This thesis covers three major aspects of Husserl's phenomenology that may be particularly of interest to psychologists. I discuss Husserl's critique of naturalism and specifically his critique of naturalistic psychology. In so doing, I consider Husserl's historical investigation that focuses on the development of naturalism since early modernity. I also introduce Husserl's construction of transcendental philosophy that aims to overcome the problem imposed by naturalism. Then, I explore Husserl's analysis of intentionality viewed as the essential character of consciousness. Both the pretranscendental and the transcendental conceptions of intentionality are discussed in order to demonstrate the methodological status of phenomenological reduction. Finally, I explicate and examine Husserl's different approaches of reduction, the process of eidetic analysis, and the relationship between psychology and phenomenology. I argue that phenomenology can not only contribute to empirical psychological investigations but also help form a critical attitude about psychology in general and its underlying philosophical presuppositions.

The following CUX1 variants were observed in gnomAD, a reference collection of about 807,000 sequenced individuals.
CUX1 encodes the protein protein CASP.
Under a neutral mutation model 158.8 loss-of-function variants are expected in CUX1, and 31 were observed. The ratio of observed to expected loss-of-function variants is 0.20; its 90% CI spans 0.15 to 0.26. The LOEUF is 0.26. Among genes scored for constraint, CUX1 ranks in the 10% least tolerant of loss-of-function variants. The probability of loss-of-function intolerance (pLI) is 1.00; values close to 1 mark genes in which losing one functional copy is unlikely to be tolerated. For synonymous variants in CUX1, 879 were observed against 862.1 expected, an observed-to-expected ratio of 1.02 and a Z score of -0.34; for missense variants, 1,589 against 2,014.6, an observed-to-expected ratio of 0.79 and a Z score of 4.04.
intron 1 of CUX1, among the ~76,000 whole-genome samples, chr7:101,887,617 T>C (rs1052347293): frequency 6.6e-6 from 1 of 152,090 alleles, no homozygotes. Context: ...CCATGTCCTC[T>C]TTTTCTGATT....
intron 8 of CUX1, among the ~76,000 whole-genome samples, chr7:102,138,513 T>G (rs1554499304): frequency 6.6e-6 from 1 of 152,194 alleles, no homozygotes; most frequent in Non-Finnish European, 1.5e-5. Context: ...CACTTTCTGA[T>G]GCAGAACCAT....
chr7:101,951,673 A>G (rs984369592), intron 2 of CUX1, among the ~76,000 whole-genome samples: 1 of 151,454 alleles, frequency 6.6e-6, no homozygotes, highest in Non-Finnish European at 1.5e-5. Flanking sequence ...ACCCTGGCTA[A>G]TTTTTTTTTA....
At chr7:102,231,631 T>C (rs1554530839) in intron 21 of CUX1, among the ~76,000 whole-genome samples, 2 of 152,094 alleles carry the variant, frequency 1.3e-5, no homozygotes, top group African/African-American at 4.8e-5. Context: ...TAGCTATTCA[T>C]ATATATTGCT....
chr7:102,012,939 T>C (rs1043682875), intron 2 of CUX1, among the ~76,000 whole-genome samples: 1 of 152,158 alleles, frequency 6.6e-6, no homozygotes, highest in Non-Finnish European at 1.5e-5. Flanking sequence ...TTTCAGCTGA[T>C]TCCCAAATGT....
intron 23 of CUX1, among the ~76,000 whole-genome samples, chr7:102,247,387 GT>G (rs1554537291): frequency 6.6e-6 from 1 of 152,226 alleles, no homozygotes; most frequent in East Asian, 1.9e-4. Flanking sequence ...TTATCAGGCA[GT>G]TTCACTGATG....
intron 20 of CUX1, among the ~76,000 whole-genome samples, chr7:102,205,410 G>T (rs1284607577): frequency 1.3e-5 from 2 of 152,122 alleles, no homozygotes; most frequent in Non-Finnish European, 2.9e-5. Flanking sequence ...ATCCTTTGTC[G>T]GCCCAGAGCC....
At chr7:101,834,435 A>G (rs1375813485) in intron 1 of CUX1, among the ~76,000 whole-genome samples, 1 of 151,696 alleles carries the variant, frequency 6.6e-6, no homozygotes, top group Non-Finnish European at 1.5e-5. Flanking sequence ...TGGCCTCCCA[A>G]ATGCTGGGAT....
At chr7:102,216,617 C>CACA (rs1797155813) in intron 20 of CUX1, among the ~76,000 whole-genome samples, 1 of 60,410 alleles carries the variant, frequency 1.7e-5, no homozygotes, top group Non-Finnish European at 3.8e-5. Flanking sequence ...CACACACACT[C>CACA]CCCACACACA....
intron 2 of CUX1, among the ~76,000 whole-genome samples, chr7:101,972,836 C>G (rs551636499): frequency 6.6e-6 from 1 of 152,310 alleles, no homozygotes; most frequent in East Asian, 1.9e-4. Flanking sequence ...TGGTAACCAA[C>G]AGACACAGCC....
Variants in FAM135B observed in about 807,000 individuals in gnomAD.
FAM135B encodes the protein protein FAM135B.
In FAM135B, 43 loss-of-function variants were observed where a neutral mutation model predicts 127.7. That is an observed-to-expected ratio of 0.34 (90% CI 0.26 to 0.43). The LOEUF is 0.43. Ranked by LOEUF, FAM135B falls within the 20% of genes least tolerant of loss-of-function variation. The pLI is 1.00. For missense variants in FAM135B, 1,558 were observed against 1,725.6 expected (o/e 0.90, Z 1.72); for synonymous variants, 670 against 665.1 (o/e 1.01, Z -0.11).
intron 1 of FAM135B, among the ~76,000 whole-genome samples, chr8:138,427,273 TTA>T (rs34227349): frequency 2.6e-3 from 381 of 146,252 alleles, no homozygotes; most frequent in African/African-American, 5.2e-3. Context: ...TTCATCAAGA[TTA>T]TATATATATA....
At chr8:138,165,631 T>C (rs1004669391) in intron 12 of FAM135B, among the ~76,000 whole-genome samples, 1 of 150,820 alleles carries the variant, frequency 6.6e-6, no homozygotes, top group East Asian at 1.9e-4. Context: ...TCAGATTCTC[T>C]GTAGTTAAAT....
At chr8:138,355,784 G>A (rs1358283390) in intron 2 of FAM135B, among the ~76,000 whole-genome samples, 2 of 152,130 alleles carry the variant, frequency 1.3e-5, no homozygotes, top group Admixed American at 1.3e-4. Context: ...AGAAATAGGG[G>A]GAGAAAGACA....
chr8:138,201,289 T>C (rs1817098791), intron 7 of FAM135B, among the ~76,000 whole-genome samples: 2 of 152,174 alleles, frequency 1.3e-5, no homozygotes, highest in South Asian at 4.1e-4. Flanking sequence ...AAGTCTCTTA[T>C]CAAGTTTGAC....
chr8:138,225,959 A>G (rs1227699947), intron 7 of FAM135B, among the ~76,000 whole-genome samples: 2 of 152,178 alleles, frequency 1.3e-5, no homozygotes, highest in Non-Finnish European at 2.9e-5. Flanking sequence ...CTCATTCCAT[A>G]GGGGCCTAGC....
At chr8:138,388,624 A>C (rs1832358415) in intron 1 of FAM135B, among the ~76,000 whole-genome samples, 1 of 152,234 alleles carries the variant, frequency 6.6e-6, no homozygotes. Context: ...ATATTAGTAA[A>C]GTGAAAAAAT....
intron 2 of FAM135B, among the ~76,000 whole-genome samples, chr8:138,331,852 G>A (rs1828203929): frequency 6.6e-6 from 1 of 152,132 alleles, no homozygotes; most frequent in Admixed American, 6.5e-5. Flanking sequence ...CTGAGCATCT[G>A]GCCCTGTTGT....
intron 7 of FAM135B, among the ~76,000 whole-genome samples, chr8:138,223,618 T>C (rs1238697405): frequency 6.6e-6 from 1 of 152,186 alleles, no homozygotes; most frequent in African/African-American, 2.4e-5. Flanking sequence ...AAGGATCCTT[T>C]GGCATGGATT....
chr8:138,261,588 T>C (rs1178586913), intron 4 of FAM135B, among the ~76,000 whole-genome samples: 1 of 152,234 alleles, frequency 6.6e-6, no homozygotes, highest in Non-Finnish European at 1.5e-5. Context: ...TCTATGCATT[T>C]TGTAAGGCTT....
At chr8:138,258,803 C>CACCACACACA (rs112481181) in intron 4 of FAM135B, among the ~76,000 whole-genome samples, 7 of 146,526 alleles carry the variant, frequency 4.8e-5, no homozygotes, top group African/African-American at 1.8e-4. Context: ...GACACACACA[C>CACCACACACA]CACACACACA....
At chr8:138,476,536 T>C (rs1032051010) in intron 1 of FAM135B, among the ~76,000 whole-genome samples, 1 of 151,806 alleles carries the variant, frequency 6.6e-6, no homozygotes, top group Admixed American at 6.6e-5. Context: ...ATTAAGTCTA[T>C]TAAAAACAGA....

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Thesis advisor: Racine, Tim
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